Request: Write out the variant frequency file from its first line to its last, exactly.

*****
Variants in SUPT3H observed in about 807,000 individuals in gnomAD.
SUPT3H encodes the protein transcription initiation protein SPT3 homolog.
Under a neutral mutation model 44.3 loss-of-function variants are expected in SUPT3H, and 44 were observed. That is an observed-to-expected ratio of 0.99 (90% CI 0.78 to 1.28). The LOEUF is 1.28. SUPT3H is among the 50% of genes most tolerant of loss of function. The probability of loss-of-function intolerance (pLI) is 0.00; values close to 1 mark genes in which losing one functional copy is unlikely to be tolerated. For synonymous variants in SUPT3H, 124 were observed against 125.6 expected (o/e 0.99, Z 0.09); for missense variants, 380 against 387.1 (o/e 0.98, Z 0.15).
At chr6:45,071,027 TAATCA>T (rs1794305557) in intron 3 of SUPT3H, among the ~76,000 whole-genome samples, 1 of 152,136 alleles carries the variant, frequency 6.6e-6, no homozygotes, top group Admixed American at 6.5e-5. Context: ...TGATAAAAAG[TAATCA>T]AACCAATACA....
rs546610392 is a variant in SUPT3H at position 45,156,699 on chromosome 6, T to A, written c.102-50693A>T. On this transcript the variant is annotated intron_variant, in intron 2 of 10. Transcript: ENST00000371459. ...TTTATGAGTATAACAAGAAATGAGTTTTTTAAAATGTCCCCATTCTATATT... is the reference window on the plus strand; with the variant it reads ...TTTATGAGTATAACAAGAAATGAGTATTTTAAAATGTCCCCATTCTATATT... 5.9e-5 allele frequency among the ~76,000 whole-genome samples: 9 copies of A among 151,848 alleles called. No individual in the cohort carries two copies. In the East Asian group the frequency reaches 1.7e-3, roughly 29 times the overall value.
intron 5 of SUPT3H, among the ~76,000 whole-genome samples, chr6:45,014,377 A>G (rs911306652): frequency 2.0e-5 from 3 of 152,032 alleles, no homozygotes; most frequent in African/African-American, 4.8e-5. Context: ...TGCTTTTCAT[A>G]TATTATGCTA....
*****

Variants in SUPT3H observed in about 807,000 individuals in gnomAD.
SUPT3H encodes the protein transcription initiation protein SPT3 homolog.
Under a neutral mutation model 44.3 loss-of-function variants are expected in SUPT3H, and 44 were observed. That is an observed-to-expected ratio of 0.99 (90% CI 0.78 to 1.28). The LOEUF is 1.28. SUPT3H is among the 50% of genes most tolerant of loss of function. The probability of loss-of-function intolerance (pLI) is 0.00; values close to 1 mark genes in which losing one functional copy is unlikely to be tolerated. For synonymous variants in SUPT3H, 124 were observed against 125.6 expected (o/e 0.99, Z 0.09); for missense variants, 380 against 387.1 (o/e 0.98, Z 0.15).
At chr6:45,071,027 TAATCA>T (rs1794305557) in intron 3 of SUPT3H, among the ~76,000 whole-genome samples, 1 of 152,136 alleles carries the variant, frequency 6.6e-6, no homozygotes, top group Admixed American at 6.5e-5. Context: ...TGATAAAAAG[TAATCA>T]AACCAATACA....
rs546610392 is a variant in SUPT3H at position 45,156,699 on chromosome 6, T to A, written c.102-50693A>T. On this transcript the variant is annotated intron_variant, in intron 2 of 10. Transcript: ENST00000371459. ...TTTATGAGTATAACAAGAAATGAGTTTTTTAAAATGTCCCCATTCTATATT... is the reference window on the plus strand; with the variant it reads ...TTTATGAGTATAACAAGAAATGAGTATTTTAAAATGTCCCCATTCTATATT... 5.9e-5 allele frequency among the ~76,000 whole-genome samples: 9 copies of A among 151,848 alleles called. No individual in the cohort carries two copies. In the East Asian group the frequency reaches 1.7e-3, roughly 29 times the overall value.
intron 5 of SUPT3H, among the ~76,000 whole-genome samples, chr6:45,014,377 A>G (rs911306652): frequency 2.0e-5 from 3 of 152,032 alleles, no homozygotes; most frequent in African/African-American, 4.8e-5. Context: ...TGCTTTTCAT[A>G]TATTATGCTA....